Planning the perfect day at Coney Island—one of the best beaches in NYC—is one of our favorite things to do in the summer. And, of all the colorful things to do at the beachy Brooklyn destination, eating tops the list. From world-famous hot dogs to New York pizza icons and funky dives, these are the best bars and restaurants in Coney Island that you should scope out on the boardwalk and beyond.
RECOMMENDED: Full guide to Coney Island in NY
Best Coney Island restaurants
For many Brooklyn pizzerias, the red-sauce slice is the standard, from the Sicilian squares at Di Fara to the Neapolitan rounds at Patsy’s. But at Totonno’s—a Coney Island beacon since Anthony Pero opened its doors in 1924—the pizza de résistance is the top-notch white pie. Sand-dusted pizza lovers make the trek from the beach for the off-menu garlicky round: It’s covered in gleaming white house-made mozzarella and pecorino romano, leopard-spotted with crispy char marks. It’s the best thing on the menu, and given delicious alternatives, like the purist Margherita pie, that’s saying something.
This hot dog stand isn’t famous for nothin’. Grilling up franks since their flagship shop opened in 1916, you can get the same great dog and bun they’ve always done, alongside crinkle-cut fries, thick-battered corn dogs and a curbside clam bar serving up East Coast oysters and littlenecks on ice.
At the oldest bar and grill on the boardwalk, named for the late Ruby Jacobs, you can expect plastic cups of beer and fantastically greasy seashore favorites like plump corn dogs, breaded jumbo shrimp and waffle fries, perfect companion foods for a day of seaside drinking and sunning.
Satsify your sweet tooth at this nostalgic candy shop that's been next door to Nathan’s for more than 75 years. They’ve got all the usual sugar fixes, as well as more retro-inspired options like shiny caramel apples coated in sprinkles and fluffy marshmallow kebabs dipped in chewy caramel and peanuts.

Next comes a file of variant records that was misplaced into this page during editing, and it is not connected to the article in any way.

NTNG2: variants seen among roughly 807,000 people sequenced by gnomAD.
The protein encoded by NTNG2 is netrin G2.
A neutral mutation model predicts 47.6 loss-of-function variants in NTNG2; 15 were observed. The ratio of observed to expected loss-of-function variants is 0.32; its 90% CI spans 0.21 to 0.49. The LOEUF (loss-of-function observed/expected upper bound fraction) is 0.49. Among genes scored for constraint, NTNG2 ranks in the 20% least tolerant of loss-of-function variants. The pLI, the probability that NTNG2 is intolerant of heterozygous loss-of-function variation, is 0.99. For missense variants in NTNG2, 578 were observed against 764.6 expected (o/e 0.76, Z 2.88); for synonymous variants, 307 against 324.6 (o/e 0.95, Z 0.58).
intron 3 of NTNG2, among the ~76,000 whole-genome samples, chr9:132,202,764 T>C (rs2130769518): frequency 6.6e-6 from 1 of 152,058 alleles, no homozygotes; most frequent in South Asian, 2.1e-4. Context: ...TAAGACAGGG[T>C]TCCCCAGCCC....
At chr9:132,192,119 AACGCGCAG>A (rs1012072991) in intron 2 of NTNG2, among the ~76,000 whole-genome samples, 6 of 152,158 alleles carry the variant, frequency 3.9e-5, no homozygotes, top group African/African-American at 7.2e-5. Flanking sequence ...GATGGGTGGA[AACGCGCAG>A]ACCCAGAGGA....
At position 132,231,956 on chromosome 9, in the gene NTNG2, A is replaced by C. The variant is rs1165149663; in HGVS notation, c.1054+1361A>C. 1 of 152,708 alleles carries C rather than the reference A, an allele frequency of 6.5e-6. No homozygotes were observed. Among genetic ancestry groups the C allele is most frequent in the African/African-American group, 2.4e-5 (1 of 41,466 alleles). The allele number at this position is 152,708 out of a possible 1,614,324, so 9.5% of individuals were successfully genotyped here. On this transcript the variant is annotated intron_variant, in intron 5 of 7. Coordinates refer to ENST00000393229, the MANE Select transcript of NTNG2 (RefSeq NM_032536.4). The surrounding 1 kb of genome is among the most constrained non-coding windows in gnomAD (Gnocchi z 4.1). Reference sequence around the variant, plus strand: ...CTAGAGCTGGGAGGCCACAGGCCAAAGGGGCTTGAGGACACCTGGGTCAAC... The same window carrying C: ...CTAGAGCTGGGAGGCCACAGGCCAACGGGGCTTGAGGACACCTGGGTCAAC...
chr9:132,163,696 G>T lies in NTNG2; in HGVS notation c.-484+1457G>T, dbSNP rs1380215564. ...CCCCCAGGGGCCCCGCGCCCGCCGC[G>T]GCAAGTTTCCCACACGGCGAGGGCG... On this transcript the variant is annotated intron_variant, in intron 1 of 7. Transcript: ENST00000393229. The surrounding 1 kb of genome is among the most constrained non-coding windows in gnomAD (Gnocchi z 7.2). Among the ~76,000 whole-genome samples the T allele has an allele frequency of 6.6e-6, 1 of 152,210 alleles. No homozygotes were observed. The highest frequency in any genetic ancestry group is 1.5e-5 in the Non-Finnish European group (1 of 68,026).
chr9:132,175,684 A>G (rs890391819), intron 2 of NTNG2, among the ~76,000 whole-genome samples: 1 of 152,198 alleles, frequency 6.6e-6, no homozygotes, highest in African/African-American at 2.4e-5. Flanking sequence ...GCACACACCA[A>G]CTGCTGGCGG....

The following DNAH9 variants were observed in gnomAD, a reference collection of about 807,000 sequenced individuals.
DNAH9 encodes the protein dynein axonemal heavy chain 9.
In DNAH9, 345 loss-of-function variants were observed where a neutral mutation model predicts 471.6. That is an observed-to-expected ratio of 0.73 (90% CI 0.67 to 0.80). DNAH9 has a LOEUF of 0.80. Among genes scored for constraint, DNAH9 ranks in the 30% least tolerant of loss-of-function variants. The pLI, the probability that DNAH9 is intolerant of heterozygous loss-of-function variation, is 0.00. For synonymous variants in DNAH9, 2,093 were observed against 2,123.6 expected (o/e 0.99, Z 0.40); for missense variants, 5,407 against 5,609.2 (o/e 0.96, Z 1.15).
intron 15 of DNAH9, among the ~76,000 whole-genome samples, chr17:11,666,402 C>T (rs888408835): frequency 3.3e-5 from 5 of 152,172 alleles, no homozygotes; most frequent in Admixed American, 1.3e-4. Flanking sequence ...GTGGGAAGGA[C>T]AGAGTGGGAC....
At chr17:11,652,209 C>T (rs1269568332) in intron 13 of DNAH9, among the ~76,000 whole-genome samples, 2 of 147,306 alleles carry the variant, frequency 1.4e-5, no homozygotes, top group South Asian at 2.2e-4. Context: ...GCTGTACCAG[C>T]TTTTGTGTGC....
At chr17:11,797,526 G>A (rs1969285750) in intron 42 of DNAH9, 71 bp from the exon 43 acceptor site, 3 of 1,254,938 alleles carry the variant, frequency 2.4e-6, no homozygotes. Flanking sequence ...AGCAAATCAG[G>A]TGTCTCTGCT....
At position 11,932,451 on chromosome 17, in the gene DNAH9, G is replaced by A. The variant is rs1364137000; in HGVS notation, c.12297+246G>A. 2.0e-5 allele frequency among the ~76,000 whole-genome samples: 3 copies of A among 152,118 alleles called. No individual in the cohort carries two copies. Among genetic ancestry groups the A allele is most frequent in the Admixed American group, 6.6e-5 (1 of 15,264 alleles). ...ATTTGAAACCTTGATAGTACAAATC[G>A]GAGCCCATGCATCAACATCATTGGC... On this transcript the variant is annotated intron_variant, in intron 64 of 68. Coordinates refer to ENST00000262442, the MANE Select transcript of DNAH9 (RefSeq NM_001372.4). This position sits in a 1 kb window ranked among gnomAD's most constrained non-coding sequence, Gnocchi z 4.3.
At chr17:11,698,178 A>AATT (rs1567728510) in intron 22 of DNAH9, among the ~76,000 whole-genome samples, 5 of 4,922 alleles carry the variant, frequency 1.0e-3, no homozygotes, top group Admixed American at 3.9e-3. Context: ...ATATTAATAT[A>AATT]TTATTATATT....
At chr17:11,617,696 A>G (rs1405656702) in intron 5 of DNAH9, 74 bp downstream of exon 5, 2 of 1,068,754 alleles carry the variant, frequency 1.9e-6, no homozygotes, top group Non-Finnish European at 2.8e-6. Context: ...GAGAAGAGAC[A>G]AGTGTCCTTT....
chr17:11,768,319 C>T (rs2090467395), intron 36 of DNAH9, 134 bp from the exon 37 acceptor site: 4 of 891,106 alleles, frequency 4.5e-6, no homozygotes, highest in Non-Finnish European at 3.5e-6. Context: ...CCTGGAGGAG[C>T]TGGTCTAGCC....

For something a bit more refined by the seashore, this Italian seafood joint pulls out all the stops, in its chandeliered dining room outfitted with aquariums full of live lobsters. Time in the sun earns filling, traditional pasta dishes like creamy fettuccine alfredo and penne marinara, alongside hearty beef braciola and shrimp scampi. Word to the wise: bring a change of clothes after your beach excursion. No shorts allowed.
Get a bite of Brooklyn nostalgia at this all-American boardwalk diner. The mom-and-pop restaurant—outfitted with photos of vintage Coney Island and cheery-red barstools—does the classics well: Thick battered onion rings, saucy brisket wraps and hand-spun milkshakes in vanilla, chocolate, strawberry or cookies and cream. Sidle up to the bright red barstools to eat, or take it all to go and make it a beachside picnic.
Nathan's Famous may have the brand-name recognition but Feltman's has the historical bona fides: German immigrant Charles Feltman invented the hot dog in Coney Island back in 1867, nearly 50 years before its Surf Avenue rival. Get the snappy tubers loaded with sauerkraut, mustard and onions; chili and cheddar cheese; sausage gravy and even vodka sauce and grated Parmesan.